Another franchise that has used this "reverse" process is Maui Wowi Hawaiian.
The more than 450 operating units of the Maui Wowi franchise are almost all mobile Ka’anapali Carts – a mobile unit that allows products to be sold to people at various locations such as sporting events, festivals, and parties. But the brand’s popularity now has the coffee and smoothie franchise considering permanent physical locations. This summer, the first brick and mortar Maui Wowi location opened in Lowry, Colorado.
Fast Food Franchises Fighting Stagnation
Customer satisfaction with fast food chains is at the lowest level in five years, as measured by the American Customer Satisfaction Index Annual Restaurant Survey.
Perhaps the explanation is as simple as consumers viewing the concept as stale at the moment. In a September 2014 Bloomberg Business interview, Peter Saleh, senior research analyst at brokerage Telsey Advisory Group suggested that fast franchises may have met their saturation point in the United States. “Traditional fast food—McDonald’s, Sonic, Wendy’s, KFC, Taco Bell—are fairly well-saturated in this country with not a lot more room left for growth,” he said.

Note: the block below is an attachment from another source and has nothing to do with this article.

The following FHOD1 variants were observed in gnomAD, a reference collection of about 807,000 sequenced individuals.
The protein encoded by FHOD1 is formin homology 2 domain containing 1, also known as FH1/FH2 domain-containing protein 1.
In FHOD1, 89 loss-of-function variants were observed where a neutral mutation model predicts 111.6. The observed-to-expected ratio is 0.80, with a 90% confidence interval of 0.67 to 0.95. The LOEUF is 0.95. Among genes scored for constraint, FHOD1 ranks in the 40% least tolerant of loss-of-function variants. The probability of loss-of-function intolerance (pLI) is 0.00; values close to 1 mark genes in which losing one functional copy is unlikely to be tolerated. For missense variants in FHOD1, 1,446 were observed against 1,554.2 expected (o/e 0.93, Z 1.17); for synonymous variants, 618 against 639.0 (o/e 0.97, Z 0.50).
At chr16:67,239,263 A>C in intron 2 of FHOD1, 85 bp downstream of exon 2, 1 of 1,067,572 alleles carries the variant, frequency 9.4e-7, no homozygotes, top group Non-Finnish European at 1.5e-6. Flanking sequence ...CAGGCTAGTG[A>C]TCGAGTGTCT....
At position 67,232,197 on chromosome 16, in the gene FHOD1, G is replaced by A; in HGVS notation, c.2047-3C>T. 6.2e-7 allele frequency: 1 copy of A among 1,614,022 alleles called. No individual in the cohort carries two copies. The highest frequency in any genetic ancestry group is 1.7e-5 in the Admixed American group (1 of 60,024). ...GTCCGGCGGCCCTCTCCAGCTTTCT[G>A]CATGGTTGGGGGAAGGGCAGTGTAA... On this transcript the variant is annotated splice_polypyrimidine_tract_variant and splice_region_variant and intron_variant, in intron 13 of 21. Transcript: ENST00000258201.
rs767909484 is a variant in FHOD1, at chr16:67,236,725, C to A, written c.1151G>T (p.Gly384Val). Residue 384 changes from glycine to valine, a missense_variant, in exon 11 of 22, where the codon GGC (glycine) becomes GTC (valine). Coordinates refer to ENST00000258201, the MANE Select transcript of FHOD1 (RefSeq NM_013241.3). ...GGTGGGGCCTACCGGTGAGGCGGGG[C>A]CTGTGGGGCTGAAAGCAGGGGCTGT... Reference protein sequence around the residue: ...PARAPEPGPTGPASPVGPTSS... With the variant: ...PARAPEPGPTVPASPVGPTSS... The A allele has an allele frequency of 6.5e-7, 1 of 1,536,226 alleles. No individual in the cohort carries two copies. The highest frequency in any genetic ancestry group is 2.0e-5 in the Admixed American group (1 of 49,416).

But the news isn’t all bad for fast food. Fast casual will be a beacon in the storm for the industry, according to Euromonitor International. In its “Fast Food in the U.S.” report, the research agency notes, “Fast casual dining will drive much of the [industry’s] growth, although other fast food should increase its value sales steadily as some consumers look to it for value and others are attracted by the variety of healthier new products on offer.”
And old favorites definitely can recapture the hearts – and stomachs – of consumers.
Little Caesars is one franchise that is bucking the current fast food trend of stagnation. Often overshadowed by its cohorts: Pizza Hut, Papa John’s and Domino’s, Little Caesars has been steadily gaining market share and increasing sales over the past few years.
In the past two years, specifically, sales by the pizza franchise have grown half a billion dollars from $2.9 billion to $3.4 billion. And from 2009 to 2014, its market share rose from 8.7% to 19%.
How has Little Caesars grown in the face of consumer pullback? According to Jonathan Maze, financial editor at Nation’s Restaurant News, the answer is it gave consumers just what they wanted: value and convenience. In a July 2015 post, he noted:
"Much like Domino’s and Papa John’s have used technology to make it easier for customers to order their pizzas, so did Hot-N-Ready.
The combination of value and convenience has lured families in search of a low-cost meal as well as pizza-loving teens and young adults on a budget. It has helped the chain take share from independents and other competitors. And it helped the chain offset rapid encroachment into the pizza business by retailers such as grocery stores and convenient marts."
Other franchises haven’t sat still either, adding and subtracting items from their menus trying to hit on what will keep the public coming back to their establishments for more. For example, Subway is offering hummus and the popular sriracha sauce as toppings, and McDonald’s is rolling out salads with kale.
Other Food Franchise Trends